Nier creator Taro Yoko is particularly fascinated with death: not only the concept itself, but also how different people respond to it.
Yoko’s interest in the subject, as we’ve previously discussed, stems from a traumatic experience in his youth when he witnessed the accidental, easily avoidable death of a friend and discovered, to his surprise, that there was something oddly humorous in the moment as well as it being horrifying. Someone’s existence had come to a premature end, yes, but there was something fundamentally ridiculous about how it had happened; how sudden it was; and how everyone was powerless in the moment to prevent it from happening.
The inherent ridiculousness of death — particularly accidental death — is something that gamers have been familiar with for many years. And so what better medium through which to explore the concept itself — and what better characters to do so with than those that can’t die through conventional means?
Continue reading Nier Automata: Narrative, Themes and Characterisation
Nier creator Taro Yoko has some strong opinions about how to keep games interesting.
Last time, we heard how he felt that modern triple-A games were often fun for the first twenty minutes, but that he often became concerned these initially impressive titles would become tiresome after twenty or more hours. It was this mindset that caused him to design the original Nier with so many unusual features to it, and many of these — and more — have carried across to Nier: Automata.
Today, then, we’ll take a look at Nier: Automata’s mechanical aspects — and how Yoko’s collaboration with Platinum Games has helped him to realise his vision better than ever before.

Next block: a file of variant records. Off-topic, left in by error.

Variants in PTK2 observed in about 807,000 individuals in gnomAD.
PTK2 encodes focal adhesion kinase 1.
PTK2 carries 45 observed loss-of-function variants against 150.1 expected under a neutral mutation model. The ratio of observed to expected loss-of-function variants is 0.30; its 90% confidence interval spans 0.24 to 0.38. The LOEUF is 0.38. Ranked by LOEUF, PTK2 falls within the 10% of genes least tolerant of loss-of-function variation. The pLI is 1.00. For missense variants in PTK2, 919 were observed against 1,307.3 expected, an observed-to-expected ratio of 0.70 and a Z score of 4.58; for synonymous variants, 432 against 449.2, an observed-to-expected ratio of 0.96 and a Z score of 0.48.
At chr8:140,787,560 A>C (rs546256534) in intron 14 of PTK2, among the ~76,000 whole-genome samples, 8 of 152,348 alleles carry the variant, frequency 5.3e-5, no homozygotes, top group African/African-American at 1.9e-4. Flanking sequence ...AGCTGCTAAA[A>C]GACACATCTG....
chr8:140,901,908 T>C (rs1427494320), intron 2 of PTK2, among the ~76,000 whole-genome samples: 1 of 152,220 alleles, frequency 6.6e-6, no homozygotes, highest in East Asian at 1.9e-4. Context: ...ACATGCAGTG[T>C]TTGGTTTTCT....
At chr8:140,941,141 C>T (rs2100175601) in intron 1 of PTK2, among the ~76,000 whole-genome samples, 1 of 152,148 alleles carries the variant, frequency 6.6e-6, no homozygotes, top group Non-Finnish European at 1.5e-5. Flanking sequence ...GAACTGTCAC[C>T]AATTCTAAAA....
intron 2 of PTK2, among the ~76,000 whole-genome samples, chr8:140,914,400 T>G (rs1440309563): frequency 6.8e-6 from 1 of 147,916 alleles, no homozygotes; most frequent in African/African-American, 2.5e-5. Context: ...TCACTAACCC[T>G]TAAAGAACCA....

Continue reading Nier Automata: Creating a Game That is “Unexpected”, That “Keeps Changing Form”
Star Fox Zero, a return to Star Fox’s standard formula after numerous games exploring alternative game styles, was met with a somewhat mixed reception on its original release.
Developed as a collaborative effort between Nintendo and action game veterans Platinum Games, Star Fox Zero was intended as something of a reboot of the series, retelling the stories of the original games and reflecting the original gameplay styles while incorporating some new elements of its own.
It was these new elements that caused some consternation among those who had difficulty adjusting to them, but this didn’t stop Star Fox Zero from being an interesting and worthwhile addition to any Wii U owner’s library.
Continue reading Wii U Essentials: Star Fox Zero
Nier: Automata is a fascinating game in its own right, but it becomes even more of an interesting story when you take it in context of everything that led to its creation.
In order to understand Nier: Automata and its predecessors, it is particularly important to understand creator Taro Yoko, one of the most distinctive “auteurs” in all of video game making — albeit one who, until the release of Automata, had largely flown under the radar in stark contrast to his contemporaries such as Hideo Kojima.
Yoko is a creator who, it’s fair to say, has consistently pushed back against the boundaries of what is “accepted practice” in video game development — both in terms of subject matter and mechanical considerations. And the results of his resistance to conventions and norms are some of the most distinctive and interesting — albeit sometimes flawed — creations in all of gaming.
Continue reading Nier Automata: Introduction and History